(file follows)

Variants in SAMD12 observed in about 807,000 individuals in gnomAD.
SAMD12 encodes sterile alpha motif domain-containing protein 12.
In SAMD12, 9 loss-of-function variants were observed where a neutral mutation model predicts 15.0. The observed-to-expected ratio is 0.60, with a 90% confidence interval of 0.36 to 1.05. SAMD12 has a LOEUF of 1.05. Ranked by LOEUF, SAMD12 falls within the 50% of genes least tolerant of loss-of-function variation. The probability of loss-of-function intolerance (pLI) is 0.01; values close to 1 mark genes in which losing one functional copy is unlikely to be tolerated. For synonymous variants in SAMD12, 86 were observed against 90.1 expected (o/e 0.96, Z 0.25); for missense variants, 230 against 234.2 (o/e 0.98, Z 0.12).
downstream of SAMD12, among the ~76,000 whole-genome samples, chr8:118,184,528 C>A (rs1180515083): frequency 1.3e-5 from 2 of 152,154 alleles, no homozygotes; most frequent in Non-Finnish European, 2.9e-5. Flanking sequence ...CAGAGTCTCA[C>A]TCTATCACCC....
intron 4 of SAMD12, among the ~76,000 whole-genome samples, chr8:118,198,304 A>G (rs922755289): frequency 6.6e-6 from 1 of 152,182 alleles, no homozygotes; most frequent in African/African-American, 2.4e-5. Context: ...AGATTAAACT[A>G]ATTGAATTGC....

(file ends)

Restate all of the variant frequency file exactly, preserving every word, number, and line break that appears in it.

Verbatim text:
Variants in SAMD12 observed in about 807,000 individuals in gnomAD.
SAMD12 encodes sterile alpha motif domain-containing protein 12.
In SAMD12, 9 loss-of-function variants were observed where a neutral mutation model predicts 15.0. The observed-to-expected ratio is 0.60, with a 90% confidence interval of 0.36 to 1.05. SAMD12 has a LOEUF of 1.05. Ranked by LOEUF, SAMD12 falls within the 50% of genes least tolerant of loss-of-function variation. The probability of loss-of-function intolerance (pLI) is 0.01; values close to 1 mark genes in which losing one functional copy is unlikely to be tolerated. For synonymous variants in SAMD12, 86 were observed against 90.1 expected (o/e 0.96, Z 0.25); for missense variants, 230 against 234.2 (o/e 0.98, Z 0.12).
downstream of SAMD12, among the ~76,000 whole-genome samples, chr8:118,184,528 C>A (rs1180515083): frequency 1.3e-5 from 2 of 152,154 alleles, no homozygotes; most frequent in Non-Finnish European, 2.9e-5. Flanking sequence ...CAGAGTCTCA[C>A]TCTATCACCC....
intron 4 of SAMD12, among the ~76,000 whole-genome samples, chr8:118,198,304 A>G (rs922755289): frequency 6.6e-6 from 1 of 152,182 alleles, no homozygotes; most frequent in African/African-American, 2.4e-5. Context: ...AGATTAAACT[A>G]ATTGAATTGC....